Saturday, January 14, 2023

REVIEW: Top Gun: Maverick

There's no denying we're in a nostalgic era in Hollywood, with sequels and remakes galore flooding the multiplexes. Nowhere is that more evident than the extraordinary box office success of "Top Gun: Maverick". Following thirty years from the original "Top Gun", this sequel unabashedly pays homage to its distinctly 1980s aesthetics and attitude. And in this modern update, director Joseph Kosinski has transformed this new franchise that many would have deemed a "guilty pleasure" into a impressive and rousing cinematic achievement.

"Top Gun: Maverick" reintroduces us to several characters from its predecessor, most notably Pete "Maverick" Mitchell (played with typical confidence by Tom Cruise), a celebrated fighter pilot who is now tasked with testing new aircraft. Though he has never risen up in the ranks due to his insubordination, he is in the twilight of his career, further emphasized by the imminent closure of his current Mach 9 programme in exchange for drones. Determined to prove his worth, Maverick boldly decides to test the limits of himself and his aircraft one more time with a Mach 10 test flight. When the test pushes past Mach 10 and the aircraft is destroyed, Maverick is slated for disciplinary action. But in a twist, he is instead recruited to train the next generation of fighter pilots for a daring mission to destroy an unsanctioned uranium plant on foreign soil.

With vague references to a NATO threat in the mission briefing, the training begins to prepare for the covert attack. Though they aren't nearly as memorable as Cruise's Maverick, the cadre of diverse supporting characters bring a lively dynamic to the film, including the tough, lone woman "Phoenix" (Monica Barbaro), the cocksure "Hangman" (Glen Powell) and the unassuming "Bob" (Lewis Pullman). Most importantly, we also "Rooster", the bitter son of Maverick's late friend "Goose", who brings a emotional connection to the original film and propulsive tension between him and Maverick.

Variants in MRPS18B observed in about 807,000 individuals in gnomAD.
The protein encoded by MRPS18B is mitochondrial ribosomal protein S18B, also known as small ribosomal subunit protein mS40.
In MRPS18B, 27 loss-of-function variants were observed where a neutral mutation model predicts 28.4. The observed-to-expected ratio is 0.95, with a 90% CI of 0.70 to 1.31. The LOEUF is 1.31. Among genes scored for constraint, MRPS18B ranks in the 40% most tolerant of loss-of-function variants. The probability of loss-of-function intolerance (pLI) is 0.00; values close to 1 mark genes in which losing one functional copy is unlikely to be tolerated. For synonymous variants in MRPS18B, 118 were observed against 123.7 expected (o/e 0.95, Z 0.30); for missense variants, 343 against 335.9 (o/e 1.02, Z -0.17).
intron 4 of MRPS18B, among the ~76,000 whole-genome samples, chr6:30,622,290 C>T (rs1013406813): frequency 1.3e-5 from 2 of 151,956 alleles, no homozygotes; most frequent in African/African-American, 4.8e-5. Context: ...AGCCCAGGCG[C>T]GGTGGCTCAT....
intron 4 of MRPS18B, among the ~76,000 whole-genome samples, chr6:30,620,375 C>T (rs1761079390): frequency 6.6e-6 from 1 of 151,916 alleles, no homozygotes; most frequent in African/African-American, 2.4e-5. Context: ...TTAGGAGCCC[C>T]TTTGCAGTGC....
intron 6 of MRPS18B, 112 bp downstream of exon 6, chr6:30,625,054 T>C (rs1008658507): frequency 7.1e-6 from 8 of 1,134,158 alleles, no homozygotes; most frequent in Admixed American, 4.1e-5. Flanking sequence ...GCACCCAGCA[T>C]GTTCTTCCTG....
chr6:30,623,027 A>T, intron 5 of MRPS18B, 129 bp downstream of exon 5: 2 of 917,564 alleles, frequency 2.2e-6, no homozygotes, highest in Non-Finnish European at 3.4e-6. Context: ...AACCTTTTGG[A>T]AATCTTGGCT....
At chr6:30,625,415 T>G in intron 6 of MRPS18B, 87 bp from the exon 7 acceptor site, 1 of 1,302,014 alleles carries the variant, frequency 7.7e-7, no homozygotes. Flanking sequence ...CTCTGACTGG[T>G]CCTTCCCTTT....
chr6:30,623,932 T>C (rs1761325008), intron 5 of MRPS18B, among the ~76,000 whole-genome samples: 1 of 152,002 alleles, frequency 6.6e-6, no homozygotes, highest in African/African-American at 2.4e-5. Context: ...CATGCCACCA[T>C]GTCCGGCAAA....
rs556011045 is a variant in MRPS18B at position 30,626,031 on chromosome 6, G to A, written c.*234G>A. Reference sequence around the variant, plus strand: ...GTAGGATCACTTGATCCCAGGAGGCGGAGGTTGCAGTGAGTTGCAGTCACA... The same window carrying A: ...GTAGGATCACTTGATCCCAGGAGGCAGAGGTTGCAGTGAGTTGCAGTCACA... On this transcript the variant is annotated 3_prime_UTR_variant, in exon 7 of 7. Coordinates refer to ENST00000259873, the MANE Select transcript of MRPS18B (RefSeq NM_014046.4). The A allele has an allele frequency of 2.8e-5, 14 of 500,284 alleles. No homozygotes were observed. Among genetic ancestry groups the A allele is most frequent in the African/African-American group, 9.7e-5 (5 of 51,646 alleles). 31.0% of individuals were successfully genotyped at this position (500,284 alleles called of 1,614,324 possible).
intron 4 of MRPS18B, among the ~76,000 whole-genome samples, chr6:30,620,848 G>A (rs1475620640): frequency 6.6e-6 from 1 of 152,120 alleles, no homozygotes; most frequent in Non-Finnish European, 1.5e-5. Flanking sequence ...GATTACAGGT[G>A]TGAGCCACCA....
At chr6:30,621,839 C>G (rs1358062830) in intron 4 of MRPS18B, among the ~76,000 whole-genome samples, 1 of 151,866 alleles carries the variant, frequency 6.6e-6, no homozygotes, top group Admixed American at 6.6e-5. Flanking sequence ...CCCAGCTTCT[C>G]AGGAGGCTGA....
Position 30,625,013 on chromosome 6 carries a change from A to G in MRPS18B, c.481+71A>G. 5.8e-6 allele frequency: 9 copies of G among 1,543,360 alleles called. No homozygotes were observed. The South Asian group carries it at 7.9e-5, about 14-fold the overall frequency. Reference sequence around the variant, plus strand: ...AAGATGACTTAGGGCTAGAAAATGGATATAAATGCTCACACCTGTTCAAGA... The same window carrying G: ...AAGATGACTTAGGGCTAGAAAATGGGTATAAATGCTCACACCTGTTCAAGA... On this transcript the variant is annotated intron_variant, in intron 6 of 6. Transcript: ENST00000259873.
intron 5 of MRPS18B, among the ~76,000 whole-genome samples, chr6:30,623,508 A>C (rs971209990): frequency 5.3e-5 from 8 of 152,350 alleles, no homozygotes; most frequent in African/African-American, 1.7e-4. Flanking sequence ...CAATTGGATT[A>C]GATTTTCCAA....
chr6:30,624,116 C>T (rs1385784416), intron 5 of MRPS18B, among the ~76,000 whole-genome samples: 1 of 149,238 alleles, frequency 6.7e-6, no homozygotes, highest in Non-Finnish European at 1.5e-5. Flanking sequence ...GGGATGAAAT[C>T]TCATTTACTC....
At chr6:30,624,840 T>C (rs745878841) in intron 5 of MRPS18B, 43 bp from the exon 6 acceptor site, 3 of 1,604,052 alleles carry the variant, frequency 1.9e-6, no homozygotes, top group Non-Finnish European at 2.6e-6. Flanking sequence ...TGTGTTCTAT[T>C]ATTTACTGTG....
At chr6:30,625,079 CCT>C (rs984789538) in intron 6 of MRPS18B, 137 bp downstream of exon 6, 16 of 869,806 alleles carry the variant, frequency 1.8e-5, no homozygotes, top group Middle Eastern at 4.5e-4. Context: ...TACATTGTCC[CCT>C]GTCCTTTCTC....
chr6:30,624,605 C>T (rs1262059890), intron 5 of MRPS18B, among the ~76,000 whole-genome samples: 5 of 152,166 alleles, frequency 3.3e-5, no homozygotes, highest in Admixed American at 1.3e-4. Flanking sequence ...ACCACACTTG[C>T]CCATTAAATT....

As the film proceeds through the typical banter, training montages and subsequent flight sequences, it borrows liberally from the original, with the familiar strains of the 80s rock score, flashback scenes and photos and yet another gratuitous sequence of playful seaside bonding (this time using football instead of volleyball). But although the screenplay won't win any praise for originality, the filmmaking elevates the basic premise with superlative craftmanship and richer themes. Indeed, the sound design and cinematography - this time taking advantage of IMAX-certified cameras - create a visceral adrenaline rush.

But most significantly, the presence of Tom Cruise himself and his character development adds an extra layer of gravitas. His indefatigable spirit is awe-inspiring and his character's ethos - bringing the team home safely is just as crucial as completing the mission - instills a poignant undercurrent to the juvenile brouhaha of hypermasculinity. Additionally, there's a romance subplot involving the luminous Jennifer Connolly that's at once moving in its maturity and downright cool in its motorbike-riding and sailboating swagger. All of these elements combine to result in the ultimate triumph of "Top Gun: Maverick" - it's so damn fun to watch.

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